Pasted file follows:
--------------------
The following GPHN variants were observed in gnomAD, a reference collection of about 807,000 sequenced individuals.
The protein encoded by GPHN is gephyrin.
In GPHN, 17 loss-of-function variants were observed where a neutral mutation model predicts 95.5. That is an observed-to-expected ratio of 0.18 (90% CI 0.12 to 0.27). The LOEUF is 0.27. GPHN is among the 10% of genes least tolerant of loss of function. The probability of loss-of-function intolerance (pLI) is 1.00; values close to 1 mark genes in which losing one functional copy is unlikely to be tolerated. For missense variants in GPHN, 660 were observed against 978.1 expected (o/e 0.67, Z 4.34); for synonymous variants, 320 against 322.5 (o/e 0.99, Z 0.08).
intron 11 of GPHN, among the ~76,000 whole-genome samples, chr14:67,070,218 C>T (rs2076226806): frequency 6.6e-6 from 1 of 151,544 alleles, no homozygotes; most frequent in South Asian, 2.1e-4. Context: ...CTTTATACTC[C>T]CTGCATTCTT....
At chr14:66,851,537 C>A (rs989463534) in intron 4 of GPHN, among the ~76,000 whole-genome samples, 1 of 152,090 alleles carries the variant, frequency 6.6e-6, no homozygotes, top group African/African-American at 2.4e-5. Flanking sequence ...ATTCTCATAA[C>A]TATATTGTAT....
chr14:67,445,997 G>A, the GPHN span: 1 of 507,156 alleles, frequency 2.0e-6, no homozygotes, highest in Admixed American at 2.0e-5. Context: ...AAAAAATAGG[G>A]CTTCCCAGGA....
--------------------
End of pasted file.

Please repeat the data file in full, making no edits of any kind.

The following GPHN variants were observed in gnomAD, a reference collection of about 807,000 sequenced individuals.
The protein encoded by GPHN is gephyrin.
In GPHN, 17 loss-of-function variants were observed where a neutral mutation model predicts 95.5. That is an observed-to-expected ratio of 0.18 (90% CI 0.12 to 0.27). The LOEUF is 0.27. GPHN is among the 10% of genes least tolerant of loss of function. The probability of loss-of-function intolerance (pLI) is 1.00; values close to 1 mark genes in which losing one functional copy is unlikely to be tolerated. For missense variants in GPHN, 660 were observed against 978.1 expected (o/e 0.67, Z 4.34); for synonymous variants, 320 against 322.5 (o/e 0.99, Z 0.08).
intron 11 of GPHN, among the ~76,000 whole-genome samples, chr14:67,070,218 C>T (rs2076226806): frequency 6.6e-6 from 1 of 151,544 alleles, no homozygotes; most frequent in South Asian, 2.1e-4. Context: ...CTTTATACTC[C>T]CTGCATTCTT....
At chr14:66,851,537 C>A (rs989463534) in intron 4 of GPHN, among the ~76,000 whole-genome samples, 1 of 152,090 alleles carries the variant, frequency 6.6e-6, no homozygotes, top group African/African-American at 2.4e-5. Flanking sequence ...ATTCTCATAA[C>A]TATATTGTAT....
chr14:67,445,997 G>A, the GPHN span: 1 of 507,156 alleles, frequency 2.0e-6, no homozygotes, highest in Admixed American at 2.0e-5. Context: ...AAAAAATAGG[G>A]CTTCCCAGGA....